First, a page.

• I grew up helping to reconfigure minivan interiors by unlocking the seats and maneuvering them out the single sliding door, which is exactly as much fun as it sounds. (If you think about where you would store 2 bench seats when not in use, you'll probably find fewer than you were thinking.)
  • En route to folding into the floor, the rear bench seat flips over to provide seats facing out the (presumably open at that point) tailgate.
  • Not only is there a sliding door on both sides, they and the tailgate are motorized, openable from the keyfob, and you are specifically enjoined from opening or closing them by hand.
    • By extension, I assume this doesn't have the "shit, we parked facing uphill and now it's hard to close the sliding door" problem.
    • With less confidence, I assume there's some kind of safety mechanism to prevent the robotic doors from closing on people.
  • It has a kind of "Eco" button which claims to extract higher gas mileage in exchange for reduced performance.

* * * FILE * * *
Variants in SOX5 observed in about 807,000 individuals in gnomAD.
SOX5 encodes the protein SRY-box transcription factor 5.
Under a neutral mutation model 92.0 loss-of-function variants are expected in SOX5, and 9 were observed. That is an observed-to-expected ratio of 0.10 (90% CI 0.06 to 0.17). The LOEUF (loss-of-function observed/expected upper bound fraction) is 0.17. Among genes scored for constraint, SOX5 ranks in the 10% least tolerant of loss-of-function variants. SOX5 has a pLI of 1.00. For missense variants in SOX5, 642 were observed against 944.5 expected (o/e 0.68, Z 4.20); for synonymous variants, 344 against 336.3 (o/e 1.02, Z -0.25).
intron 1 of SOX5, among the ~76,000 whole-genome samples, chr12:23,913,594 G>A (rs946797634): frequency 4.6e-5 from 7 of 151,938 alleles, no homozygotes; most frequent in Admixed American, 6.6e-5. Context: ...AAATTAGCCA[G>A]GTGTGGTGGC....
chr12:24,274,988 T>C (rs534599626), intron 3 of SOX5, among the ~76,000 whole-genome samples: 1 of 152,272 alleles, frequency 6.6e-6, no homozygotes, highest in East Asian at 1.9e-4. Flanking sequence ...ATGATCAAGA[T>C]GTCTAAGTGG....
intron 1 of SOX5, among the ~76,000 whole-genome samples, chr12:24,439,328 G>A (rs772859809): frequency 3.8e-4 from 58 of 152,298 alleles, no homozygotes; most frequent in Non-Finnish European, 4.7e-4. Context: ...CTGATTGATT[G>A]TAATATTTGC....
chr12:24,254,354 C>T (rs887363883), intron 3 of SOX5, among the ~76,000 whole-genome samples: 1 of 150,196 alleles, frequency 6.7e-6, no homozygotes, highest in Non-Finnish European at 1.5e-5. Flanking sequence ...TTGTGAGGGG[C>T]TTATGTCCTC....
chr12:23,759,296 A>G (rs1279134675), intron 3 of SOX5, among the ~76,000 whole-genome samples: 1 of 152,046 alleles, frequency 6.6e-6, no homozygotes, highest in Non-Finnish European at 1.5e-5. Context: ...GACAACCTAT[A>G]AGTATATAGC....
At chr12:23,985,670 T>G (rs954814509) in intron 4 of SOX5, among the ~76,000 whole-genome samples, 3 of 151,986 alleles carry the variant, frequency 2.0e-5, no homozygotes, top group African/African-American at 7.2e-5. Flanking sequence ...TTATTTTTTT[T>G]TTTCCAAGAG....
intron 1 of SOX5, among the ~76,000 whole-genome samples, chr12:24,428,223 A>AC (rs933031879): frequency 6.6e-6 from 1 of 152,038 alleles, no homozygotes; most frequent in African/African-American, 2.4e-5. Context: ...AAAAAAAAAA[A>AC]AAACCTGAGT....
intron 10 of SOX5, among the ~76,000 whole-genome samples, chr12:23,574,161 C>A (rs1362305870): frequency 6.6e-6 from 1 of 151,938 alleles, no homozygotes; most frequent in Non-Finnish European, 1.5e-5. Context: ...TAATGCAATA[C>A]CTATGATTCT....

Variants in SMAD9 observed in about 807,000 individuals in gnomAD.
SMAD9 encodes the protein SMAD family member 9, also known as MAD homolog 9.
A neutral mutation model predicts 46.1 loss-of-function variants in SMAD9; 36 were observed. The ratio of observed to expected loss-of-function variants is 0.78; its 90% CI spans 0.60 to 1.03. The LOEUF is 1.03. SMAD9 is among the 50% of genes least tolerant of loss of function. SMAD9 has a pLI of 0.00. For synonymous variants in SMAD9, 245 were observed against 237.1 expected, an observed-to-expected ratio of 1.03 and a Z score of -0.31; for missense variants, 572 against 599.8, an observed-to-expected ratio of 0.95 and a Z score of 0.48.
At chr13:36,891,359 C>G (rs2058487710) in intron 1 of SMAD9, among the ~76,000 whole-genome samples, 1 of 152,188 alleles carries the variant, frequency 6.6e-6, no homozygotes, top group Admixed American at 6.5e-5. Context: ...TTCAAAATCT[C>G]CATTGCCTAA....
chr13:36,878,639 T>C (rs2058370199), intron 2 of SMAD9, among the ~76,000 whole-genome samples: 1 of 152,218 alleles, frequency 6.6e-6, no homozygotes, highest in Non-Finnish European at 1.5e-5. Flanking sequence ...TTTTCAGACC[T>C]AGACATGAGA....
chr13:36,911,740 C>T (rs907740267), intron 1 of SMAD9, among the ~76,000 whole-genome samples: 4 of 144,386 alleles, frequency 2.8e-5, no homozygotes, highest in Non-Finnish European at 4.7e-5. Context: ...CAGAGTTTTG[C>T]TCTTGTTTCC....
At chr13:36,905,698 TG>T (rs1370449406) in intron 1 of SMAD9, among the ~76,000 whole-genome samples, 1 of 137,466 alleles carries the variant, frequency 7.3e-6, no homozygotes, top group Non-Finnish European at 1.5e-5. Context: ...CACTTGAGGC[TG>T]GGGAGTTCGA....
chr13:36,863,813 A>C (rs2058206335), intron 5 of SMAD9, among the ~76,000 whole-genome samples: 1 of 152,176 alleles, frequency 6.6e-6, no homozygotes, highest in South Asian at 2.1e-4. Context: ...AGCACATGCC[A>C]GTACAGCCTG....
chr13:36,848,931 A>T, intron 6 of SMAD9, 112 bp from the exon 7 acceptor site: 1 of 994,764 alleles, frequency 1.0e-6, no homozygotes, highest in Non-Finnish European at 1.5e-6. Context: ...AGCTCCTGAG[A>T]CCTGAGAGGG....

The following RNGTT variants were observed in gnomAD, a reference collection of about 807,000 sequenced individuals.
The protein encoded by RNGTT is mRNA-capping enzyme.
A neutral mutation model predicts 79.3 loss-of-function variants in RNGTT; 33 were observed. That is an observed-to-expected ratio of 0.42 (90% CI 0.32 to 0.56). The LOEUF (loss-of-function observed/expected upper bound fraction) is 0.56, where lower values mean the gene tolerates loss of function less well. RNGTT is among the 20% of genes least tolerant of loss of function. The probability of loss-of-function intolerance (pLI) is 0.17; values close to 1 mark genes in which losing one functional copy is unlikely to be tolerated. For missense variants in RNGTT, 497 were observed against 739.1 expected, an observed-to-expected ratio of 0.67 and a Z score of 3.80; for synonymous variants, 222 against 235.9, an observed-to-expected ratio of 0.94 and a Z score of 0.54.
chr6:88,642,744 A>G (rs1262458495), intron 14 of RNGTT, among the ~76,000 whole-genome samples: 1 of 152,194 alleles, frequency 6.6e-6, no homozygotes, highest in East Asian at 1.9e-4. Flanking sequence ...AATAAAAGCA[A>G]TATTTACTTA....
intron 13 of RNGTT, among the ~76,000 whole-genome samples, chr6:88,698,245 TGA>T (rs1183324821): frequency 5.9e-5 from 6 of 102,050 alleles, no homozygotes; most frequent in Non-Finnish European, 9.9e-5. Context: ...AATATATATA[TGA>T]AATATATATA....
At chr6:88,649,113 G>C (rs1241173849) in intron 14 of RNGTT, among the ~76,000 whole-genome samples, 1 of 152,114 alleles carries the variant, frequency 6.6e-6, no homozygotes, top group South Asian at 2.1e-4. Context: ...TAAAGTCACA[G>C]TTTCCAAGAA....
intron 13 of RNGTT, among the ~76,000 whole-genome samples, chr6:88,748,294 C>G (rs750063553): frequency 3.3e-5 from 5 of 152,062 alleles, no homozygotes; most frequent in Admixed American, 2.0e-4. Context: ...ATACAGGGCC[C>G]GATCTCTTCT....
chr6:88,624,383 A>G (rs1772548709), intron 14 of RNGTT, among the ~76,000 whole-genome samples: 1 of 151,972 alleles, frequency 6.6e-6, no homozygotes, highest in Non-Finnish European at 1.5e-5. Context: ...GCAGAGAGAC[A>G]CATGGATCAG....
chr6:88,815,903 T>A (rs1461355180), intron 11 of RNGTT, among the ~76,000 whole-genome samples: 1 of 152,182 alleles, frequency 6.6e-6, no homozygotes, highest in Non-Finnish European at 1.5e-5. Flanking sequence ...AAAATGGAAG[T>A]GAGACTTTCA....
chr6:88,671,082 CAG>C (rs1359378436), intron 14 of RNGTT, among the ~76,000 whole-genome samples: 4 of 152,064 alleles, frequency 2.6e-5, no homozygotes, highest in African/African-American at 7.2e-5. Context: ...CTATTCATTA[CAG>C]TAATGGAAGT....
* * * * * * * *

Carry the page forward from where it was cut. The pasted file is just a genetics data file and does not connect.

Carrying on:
• The roof rack, which sucks up a few mpg on the current car, has tool-free (dis)assembly into slots in the roof.
Since Appa is replacing a 25-year old Corolla wagon ("Molly"), we had several years to research replacements. I was surprised to find that most SUVs won't hold as much total cargo+people as a minivan, and many SUV towing capacities are pretty weak. We were less surprised to find that our desires to travel SUV-required roads are transient enough that we can just rent one as needed.

Here's to never again cracking my head against the Toyota's anemic tailgate that doesn't raise up the final few inches unless you push it. Thanks for the years and years of service, Molly.

Tuesday, February 13, 2018

that makes sense.